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Camping The Camping forum is for discussion that relates directly to wilderness camping (commonly referred to as car camping).


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  #1  
Old 06-28-2009, 03:22 PM
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dsuursoo dsuursoo is offline
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ContainsImages Four Days in the Olympic National Forest

well, just got back(well, we got back tuesday. i've been busy!) from our summer trip to the coast. It felt great to finally get out, since I've been limited to staying home, thanks to a pregnant wife, but we were determined to go, and chose june instead of our normal August trip, as she's due in mid-july. so this year, we went from june 19th, to the 23rd.

Kalaloch, Washington, located on the coast(about a half hour south of Forks, as a point of reference) on highway 101, really is one of the most special and beautiful places i've ever been to. it's no suprise we make it a point to go every year.



the mouth of Kalaloch creek, as seen from next to the lodge. this spot changes dramatically every year, sometimes it's just a narrow rivulet, other times it's the near-lake we had this year. this year was also a great year for logs:


some years it seems like there's hardly any. this was not one of those years. they make fair firewood(it's the couple hours of labor for a pile of wood for a night or two, or eight bucks per bundle at the lodge for two hour's worth of wood), which, haha, kephart says not to do, unless you're on the coast. he never mentioned the smoke saltwater driftwood gives off, though.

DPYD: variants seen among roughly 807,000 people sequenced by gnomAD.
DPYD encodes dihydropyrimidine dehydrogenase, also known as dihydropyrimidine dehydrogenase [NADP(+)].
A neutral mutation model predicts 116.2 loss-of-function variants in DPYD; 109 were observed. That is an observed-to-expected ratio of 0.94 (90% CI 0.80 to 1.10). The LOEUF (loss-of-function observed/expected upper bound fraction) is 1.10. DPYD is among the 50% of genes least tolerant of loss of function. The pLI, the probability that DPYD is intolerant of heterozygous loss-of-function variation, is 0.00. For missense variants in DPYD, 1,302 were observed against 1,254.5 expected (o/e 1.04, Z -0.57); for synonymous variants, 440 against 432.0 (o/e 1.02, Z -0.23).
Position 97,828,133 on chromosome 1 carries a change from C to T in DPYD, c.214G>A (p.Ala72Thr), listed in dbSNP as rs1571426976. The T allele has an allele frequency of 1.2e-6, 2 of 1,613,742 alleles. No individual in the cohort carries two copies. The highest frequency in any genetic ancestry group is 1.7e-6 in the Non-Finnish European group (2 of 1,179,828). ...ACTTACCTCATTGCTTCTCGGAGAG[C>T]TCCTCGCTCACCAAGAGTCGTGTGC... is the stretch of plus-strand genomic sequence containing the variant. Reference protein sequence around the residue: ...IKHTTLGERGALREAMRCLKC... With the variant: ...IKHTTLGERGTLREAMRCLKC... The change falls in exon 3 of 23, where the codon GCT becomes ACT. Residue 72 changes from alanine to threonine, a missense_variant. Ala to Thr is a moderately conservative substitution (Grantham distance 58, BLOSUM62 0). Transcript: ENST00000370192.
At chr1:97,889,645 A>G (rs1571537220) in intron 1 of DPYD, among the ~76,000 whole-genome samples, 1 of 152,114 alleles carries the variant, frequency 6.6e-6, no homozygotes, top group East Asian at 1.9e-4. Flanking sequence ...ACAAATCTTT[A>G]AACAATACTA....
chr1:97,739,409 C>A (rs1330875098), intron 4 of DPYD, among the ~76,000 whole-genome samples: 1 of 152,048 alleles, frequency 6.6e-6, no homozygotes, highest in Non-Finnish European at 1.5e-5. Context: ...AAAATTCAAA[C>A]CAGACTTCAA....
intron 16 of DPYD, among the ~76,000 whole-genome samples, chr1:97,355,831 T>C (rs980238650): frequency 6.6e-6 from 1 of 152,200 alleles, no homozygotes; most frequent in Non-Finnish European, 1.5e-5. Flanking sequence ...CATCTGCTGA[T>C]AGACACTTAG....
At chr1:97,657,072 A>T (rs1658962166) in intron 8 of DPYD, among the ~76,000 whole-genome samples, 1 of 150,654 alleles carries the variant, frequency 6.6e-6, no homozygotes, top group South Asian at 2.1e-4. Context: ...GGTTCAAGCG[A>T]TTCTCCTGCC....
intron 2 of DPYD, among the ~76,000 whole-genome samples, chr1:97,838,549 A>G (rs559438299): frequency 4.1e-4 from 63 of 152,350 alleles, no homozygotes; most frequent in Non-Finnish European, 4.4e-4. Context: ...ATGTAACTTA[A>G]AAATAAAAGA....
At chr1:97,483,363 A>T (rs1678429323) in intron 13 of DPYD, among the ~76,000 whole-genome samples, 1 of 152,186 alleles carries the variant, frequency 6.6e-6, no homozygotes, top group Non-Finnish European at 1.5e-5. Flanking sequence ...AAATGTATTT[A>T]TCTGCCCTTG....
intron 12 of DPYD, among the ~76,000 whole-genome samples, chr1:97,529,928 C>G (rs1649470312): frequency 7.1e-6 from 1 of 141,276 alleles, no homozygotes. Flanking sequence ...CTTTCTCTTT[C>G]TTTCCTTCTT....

for the first time in years, we arrived and set up during daylight hours. normally we come later in the day, and dark is either setting in, or has set in. the much later days were a nice thing this year.
credit to me, i managed to put up our tent single-handed this year. it's an eight man with gobs of room and a massive awning. the wife, being eight months pregnant, couldn't easily bend over to handle the poles and stakes. this was my first year using coleman's y-stakes, longer versions of the venerable MSR groundhog. i found a terrain type that would actually BEND a y-stake. that's a first for me.



why yes, we ARE blue-tarp campers(those that live in the northwest will get the PEMCO reference).



tarps do take a while to set up, however.

the first night passed without too much trouble, aside from my wife having a hard time getting to sleep(a pregnancy symptom, mainly), and my getting booted out of the tent for a large chunk of the night.

but i was comfortable enough. a mylar blanket and a camping chair were just as comfortable as a bed.

our trip consisted of a lot of day-trips to other beaches, notably beach 4 and ruby beach(really reccomend both!).

beach 4's primary feature is it's tidepools(of which we don't have pictures this year, as our photographer was a bit... indisposed), but we DO have some pictures of the large rock formation next to the pools(the pools require climbing to get to).